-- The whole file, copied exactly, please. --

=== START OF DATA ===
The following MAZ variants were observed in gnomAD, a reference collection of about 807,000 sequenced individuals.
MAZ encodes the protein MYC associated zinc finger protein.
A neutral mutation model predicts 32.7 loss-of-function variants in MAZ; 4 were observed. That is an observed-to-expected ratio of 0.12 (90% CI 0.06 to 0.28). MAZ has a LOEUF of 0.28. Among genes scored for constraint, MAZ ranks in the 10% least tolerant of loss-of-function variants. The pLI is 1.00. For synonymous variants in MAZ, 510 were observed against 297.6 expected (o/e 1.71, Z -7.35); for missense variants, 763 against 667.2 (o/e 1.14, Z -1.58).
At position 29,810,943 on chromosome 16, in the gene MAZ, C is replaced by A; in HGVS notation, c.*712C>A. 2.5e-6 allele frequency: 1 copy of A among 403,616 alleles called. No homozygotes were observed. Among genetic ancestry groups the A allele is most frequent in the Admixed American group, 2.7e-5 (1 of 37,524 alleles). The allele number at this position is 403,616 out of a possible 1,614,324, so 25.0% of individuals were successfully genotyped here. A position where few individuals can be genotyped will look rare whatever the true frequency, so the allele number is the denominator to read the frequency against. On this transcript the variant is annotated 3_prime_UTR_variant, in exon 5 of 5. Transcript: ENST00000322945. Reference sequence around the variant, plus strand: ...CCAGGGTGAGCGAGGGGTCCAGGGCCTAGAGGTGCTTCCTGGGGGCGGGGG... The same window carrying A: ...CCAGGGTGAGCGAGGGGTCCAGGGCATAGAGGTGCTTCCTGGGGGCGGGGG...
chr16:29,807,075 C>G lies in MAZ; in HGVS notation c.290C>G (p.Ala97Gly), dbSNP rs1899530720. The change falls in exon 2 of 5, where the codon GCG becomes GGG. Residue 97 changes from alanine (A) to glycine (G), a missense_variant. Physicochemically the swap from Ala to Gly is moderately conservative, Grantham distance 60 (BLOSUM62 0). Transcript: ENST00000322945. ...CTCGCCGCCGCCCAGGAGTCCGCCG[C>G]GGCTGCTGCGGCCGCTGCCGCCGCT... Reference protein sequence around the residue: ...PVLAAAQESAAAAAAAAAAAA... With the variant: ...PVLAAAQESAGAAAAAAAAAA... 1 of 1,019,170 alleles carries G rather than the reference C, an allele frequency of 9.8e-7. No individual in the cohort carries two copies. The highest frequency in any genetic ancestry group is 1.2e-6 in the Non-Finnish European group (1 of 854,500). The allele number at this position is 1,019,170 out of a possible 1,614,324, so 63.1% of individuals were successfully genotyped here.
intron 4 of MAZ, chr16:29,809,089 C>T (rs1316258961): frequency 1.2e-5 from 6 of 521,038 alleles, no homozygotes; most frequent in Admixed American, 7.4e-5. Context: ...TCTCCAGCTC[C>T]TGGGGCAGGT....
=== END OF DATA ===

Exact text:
The following MAZ variants were observed in gnomAD, a reference collection of about 807,000 sequenced individuals.
MAZ encodes the protein MYC associated zinc finger protein.
A neutral mutation model predicts 32.7 loss-of-function variants in MAZ; 4 were observed. That is an observed-to-expected ratio of 0.12 (90% CI 0.06 to 0.28). MAZ has a LOEUF of 0.28. Among genes scored for constraint, MAZ ranks in the 10% least tolerant of loss-of-function variants. The pLI is 1.00. For synonymous variants in MAZ, 510 were observed against 297.6 expected (o/e 1.71, Z -7.35); for missense variants, 763 against 667.2 (o/e 1.14, Z -1.58).
At position 29,810,943 on chromosome 16, in the gene MAZ, C is replaced by A; in HGVS notation, c.*712C>A. 2.5e-6 allele frequency: 1 copy of A among 403,616 alleles called. No homozygotes were observed. Among genetic ancestry groups the A allele is most frequent in the Admixed American group, 2.7e-5 (1 of 37,524 alleles). The allele number at this position is 403,616 out of a possible 1,614,324, so 25.0% of individuals were successfully genotyped here. A position where few individuals can be genotyped will look rare whatever the true frequency, so the allele number is the denominator to read the frequency against. On this transcript the variant is annotated 3_prime_UTR_variant, in exon 5 of 5. Transcript: ENST00000322945. Reference sequence around the variant, plus strand: ...CCAGGGTGAGCGAGGGGTCCAGGGCCTAGAGGTGCTTCCTGGGGGCGGGGG... The same window carrying A: ...CCAGGGTGAGCGAGGGGTCCAGGGCATAGAGGTGCTTCCTGGGGGCGGGGG...
chr16:29,807,075 C>G lies in MAZ; in HGVS notation c.290C>G (p.Ala97Gly), dbSNP rs1899530720. The change falls in exon 2 of 5, where the codon GCG becomes GGG. Residue 97 changes from alanine (A) to glycine (G), a missense_variant. Physicochemically the swap from Ala to Gly is moderately conservative, Grantham distance 60 (BLOSUM62 0). Transcript: ENST00000322945. ...CTCGCCGCCGCCCAGGAGTCCGCCG[C>G]GGCTGCTGCGGCCGCTGCCGCCGCT... Reference protein sequence around the residue: ...PVLAAAQESAAAAAAAAAAAA... With the variant: ...PVLAAAQESAGAAAAAAAAAA... 1 of 1,019,170 alleles carries G rather than the reference C, an allele frequency of 9.8e-7. No individual in the cohort carries two copies. The highest frequency in any genetic ancestry group is 1.2e-6 in the Non-Finnish European group (1 of 854,500). The allele number at this position is 1,019,170 out of a possible 1,614,324, so 63.1% of individuals were successfully genotyped here.
intron 4 of MAZ, chr16:29,809,089 C>T (rs1316258961): frequency 1.2e-5 from 6 of 521,038 alleles, no homozygotes; most frequent in Admixed American, 7.4e-5. Context: ...TCTCCAGCTC[C>T]TGGGGCAGGT....